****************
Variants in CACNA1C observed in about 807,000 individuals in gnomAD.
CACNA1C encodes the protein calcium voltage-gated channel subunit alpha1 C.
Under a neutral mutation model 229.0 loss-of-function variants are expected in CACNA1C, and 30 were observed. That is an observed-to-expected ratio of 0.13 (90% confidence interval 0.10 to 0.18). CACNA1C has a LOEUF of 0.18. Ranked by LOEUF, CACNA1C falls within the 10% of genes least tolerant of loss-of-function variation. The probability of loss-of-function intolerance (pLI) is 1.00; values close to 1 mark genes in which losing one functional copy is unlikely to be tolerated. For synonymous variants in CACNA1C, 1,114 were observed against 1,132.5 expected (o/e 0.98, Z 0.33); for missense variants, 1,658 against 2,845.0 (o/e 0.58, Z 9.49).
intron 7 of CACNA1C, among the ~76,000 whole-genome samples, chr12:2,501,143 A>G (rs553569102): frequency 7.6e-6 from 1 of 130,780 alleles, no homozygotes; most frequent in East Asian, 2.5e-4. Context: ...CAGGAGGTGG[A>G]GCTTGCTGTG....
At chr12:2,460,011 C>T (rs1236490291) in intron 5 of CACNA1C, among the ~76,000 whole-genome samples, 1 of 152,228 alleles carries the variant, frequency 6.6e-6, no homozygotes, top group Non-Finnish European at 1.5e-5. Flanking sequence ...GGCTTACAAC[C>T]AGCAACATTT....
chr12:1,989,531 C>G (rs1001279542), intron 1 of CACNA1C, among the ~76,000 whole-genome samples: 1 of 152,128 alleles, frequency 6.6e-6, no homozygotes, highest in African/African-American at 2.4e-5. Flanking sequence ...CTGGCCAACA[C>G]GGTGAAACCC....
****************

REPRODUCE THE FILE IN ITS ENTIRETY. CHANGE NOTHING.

Variants in CACNA1C observed in about 807,000 individuals in gnomAD.
CACNA1C encodes the protein calcium voltage-gated channel subunit alpha1 C.
Under a neutral mutation model 229.0 loss-of-function variants are expected in CACNA1C, and 30 were observed. That is an observed-to-expected ratio of 0.13 (90% confidence interval 0.10 to 0.18). CACNA1C has a LOEUF of 0.18. Ranked by LOEUF, CACNA1C falls within the 10% of genes least tolerant of loss-of-function variation. The probability of loss-of-function intolerance (pLI) is 1.00; values close to 1 mark genes in which losing one functional copy is unlikely to be tolerated. For synonymous variants in CACNA1C, 1,114 were observed against 1,132.5 expected (o/e 0.98, Z 0.33); for missense variants, 1,658 against 2,845.0 (o/e 0.58, Z 9.49).
intron 7 of CACNA1C, among the ~76,000 whole-genome samples, chr12:2,501,143 A>G (rs553569102): frequency 7.6e-6 from 1 of 130,780 alleles, no homozygotes; most frequent in East Asian, 2.5e-4. Context: ...CAGGAGGTGG[A>G]GCTTGCTGTG....
At chr12:2,460,011 C>T (rs1236490291) in intron 5 of CACNA1C, among the ~76,000 whole-genome samples, 1 of 152,228 alleles carries the variant, frequency 6.6e-6, no homozygotes, top group Non-Finnish European at 1.5e-5. Flanking sequence ...GGCTTACAAC[C>T]AGCAACATTT....
chr12:1,989,531 C>G (rs1001279542), intron 1 of CACNA1C, among the ~76,000 whole-genome samples: 1 of 152,128 alleles, frequency 6.6e-6, no homozygotes, highest in African/African-American at 2.4e-5. Flanking sequence ...CTGGCCAACA[C>G]GGTGAAACCC....